The US Food and Drug Administration on Monday approved the use of drug aducanumab, an experimental drug, to treat the early phases of Alzheimer’s disease – despite the FDA advisory committee issuing in 2020 that enough evidence is not available to support the effectiveness of the drug.
The drug was developed for patients with subtle cognitive impairment and not severe dementia. Apart from easing symptoms, the drug intends to slow down the progression of Alzheimer’s disease.
The FDA has not approved a novel therapy for Alzheimer’s disease since 2003.
Using its “accelerated approval” program, the FDA approved aducanumab or Aduhelm, which allows for earlier approval of a drug for a serious and life-threatening disease even though more study may be required to test the drug’s benefits.
On Monday, Dr. Patrizia Cavazzoni announced that there have been numerous public debates on whether or not Aduhelm should be approved and as it is a case of interpreting scientific data, the expert community has offered different perspectives.
The FDA decided to approve Aduhelm for patients with Alzheimer’s disease after coming to the conclusion that the benefits of the drug exceed the risks of therapy. The data has been interpreted differently by different experts regarding the drug but FDA followed its usual course of action while making decisions related to such cases.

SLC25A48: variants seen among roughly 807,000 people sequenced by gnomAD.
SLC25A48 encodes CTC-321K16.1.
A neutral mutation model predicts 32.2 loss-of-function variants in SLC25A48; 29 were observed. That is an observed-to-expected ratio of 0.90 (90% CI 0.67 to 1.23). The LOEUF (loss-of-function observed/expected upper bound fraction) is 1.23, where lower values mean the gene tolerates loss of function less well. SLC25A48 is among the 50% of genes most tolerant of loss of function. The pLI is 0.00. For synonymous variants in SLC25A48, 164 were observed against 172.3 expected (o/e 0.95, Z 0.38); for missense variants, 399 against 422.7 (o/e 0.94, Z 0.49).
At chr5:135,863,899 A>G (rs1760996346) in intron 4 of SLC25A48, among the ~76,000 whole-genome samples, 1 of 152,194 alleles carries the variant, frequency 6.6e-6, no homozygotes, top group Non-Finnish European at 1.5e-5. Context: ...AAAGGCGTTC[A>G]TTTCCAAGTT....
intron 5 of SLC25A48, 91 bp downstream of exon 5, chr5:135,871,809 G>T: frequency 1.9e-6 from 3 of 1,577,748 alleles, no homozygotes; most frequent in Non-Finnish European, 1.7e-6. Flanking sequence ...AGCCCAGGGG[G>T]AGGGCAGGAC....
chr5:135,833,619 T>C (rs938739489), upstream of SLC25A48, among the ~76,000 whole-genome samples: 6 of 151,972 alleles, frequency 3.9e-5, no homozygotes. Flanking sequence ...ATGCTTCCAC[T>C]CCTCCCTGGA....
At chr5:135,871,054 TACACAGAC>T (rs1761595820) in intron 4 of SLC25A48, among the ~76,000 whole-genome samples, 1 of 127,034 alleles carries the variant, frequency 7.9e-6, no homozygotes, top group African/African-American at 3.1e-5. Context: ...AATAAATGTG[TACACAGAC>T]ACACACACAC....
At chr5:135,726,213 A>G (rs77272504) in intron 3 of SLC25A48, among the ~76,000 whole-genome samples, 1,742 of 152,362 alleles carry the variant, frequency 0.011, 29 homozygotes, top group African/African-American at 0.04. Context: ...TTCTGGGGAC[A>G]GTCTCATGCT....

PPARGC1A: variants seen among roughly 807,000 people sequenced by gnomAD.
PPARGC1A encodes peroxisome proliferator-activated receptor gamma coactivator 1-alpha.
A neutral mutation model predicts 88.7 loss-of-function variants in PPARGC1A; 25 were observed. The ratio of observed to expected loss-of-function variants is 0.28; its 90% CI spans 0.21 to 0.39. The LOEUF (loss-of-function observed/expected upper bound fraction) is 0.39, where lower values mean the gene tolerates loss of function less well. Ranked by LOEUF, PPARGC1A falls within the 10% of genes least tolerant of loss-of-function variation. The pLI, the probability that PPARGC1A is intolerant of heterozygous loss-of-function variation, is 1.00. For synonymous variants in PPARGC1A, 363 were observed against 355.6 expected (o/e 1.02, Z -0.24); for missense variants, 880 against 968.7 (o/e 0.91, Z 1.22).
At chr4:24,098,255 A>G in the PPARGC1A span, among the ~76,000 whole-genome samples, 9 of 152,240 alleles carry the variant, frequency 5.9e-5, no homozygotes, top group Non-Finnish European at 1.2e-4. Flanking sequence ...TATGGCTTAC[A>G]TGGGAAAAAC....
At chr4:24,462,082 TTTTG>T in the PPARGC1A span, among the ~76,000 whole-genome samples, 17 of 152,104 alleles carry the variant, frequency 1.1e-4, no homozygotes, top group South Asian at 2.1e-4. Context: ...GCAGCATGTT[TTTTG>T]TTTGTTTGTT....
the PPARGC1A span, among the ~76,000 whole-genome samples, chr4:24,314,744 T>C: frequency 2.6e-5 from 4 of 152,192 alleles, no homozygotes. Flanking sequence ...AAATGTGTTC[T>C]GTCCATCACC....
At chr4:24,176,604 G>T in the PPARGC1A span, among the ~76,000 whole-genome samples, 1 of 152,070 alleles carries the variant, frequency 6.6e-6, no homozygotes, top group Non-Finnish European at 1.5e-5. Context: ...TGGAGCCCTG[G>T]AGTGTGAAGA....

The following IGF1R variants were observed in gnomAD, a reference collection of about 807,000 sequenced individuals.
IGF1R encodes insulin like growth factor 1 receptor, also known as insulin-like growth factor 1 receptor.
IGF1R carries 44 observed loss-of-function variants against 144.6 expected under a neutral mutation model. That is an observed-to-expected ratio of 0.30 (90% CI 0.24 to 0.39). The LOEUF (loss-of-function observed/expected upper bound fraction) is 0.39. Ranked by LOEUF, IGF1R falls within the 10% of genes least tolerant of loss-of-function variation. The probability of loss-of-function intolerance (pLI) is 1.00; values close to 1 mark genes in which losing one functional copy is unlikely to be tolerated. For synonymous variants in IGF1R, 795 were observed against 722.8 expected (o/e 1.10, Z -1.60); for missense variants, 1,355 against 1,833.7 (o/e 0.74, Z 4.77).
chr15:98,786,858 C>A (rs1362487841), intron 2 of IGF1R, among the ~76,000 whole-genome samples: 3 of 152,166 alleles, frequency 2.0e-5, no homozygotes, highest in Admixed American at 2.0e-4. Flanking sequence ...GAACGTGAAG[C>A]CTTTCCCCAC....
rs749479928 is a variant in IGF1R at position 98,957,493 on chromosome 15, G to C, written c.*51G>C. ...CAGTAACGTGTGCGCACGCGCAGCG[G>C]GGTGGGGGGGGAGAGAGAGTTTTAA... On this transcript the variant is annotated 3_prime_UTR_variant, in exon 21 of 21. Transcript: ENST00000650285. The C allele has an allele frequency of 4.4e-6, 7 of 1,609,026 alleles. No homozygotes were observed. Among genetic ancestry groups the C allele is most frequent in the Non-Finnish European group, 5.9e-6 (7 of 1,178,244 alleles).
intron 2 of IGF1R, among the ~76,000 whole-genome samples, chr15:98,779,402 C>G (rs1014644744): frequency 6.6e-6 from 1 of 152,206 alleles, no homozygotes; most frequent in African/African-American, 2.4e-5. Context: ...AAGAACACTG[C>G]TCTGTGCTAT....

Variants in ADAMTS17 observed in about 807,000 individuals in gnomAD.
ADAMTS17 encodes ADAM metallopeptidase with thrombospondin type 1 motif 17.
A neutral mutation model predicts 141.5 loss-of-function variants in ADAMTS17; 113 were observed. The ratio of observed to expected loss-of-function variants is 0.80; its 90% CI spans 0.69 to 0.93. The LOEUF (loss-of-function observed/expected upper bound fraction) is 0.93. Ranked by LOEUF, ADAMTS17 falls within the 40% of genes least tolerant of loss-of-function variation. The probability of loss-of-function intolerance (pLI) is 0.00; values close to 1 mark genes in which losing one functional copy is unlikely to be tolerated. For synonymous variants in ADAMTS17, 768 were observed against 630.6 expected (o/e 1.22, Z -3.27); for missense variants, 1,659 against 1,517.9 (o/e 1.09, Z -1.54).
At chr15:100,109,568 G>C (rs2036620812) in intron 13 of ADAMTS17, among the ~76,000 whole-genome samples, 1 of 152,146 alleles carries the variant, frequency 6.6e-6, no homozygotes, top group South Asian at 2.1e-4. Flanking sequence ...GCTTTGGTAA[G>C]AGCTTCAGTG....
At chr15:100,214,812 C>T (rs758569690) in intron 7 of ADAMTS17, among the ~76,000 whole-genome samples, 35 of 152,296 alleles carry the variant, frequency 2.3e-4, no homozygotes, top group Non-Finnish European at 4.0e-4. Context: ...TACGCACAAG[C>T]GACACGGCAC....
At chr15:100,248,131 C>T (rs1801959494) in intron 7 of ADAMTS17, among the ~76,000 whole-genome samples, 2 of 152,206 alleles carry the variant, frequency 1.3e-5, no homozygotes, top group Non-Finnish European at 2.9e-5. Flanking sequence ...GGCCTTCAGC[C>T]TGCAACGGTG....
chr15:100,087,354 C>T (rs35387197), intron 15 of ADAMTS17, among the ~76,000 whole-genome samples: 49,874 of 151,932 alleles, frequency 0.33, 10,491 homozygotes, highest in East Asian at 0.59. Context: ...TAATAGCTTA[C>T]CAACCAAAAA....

Cavazzoni said that even under accelerated approval, the drug will be studied by way of conducting “post-approval studies” by drug companies. These studies are known as phase 4 confirmatory trials that verify if treatments have clinical benefits. In case the confirmatory trial fails to confirm the benefit of the drug, it could be removed from the market by the FDA.
Regarding evidence of the drug’s effectiveness, FDA’s Peripheral and Central Nervous System Drugs Advisory was asked to vote on the matter. When asked if it was reasonable to consider data from a single positive study as the main evidence of Aduhelm’s effectiveness for the treatment of early stages of Alzheimer’s disease, none of the committee members voted yes, ten members voted no and some were uncertain.
The committee’s response was then left with the FDA to decide whether to approve the drug or slow down for now.
According to Cavazzoni, most studies indicated Aduhelm’s consistency and efficiency in reducing the level of amyloid plaques in the brain in a dose. A reduction in clinical decline due to reduction in amyloid plaque is expected.
Dr. Richard Isaacson, director of the Alzheimer’s Prevention Clinic at Weill Cornell Medicine and NewYork-Presbyterian, who tested patients in the primary aducanumab clinical studies revealed that the drug will be used for the treatment of earliest symptomatic phase of the disease called mild cognitive impairment due to Alzheimer’s, the pre-dementia period but not severe dementia.
According to experts, expectations should be tempered and it must be explained to people that the drug is meant for only the earliest symptomatic phases. It won’t benefit in case of a severe Alzheimer’s patient.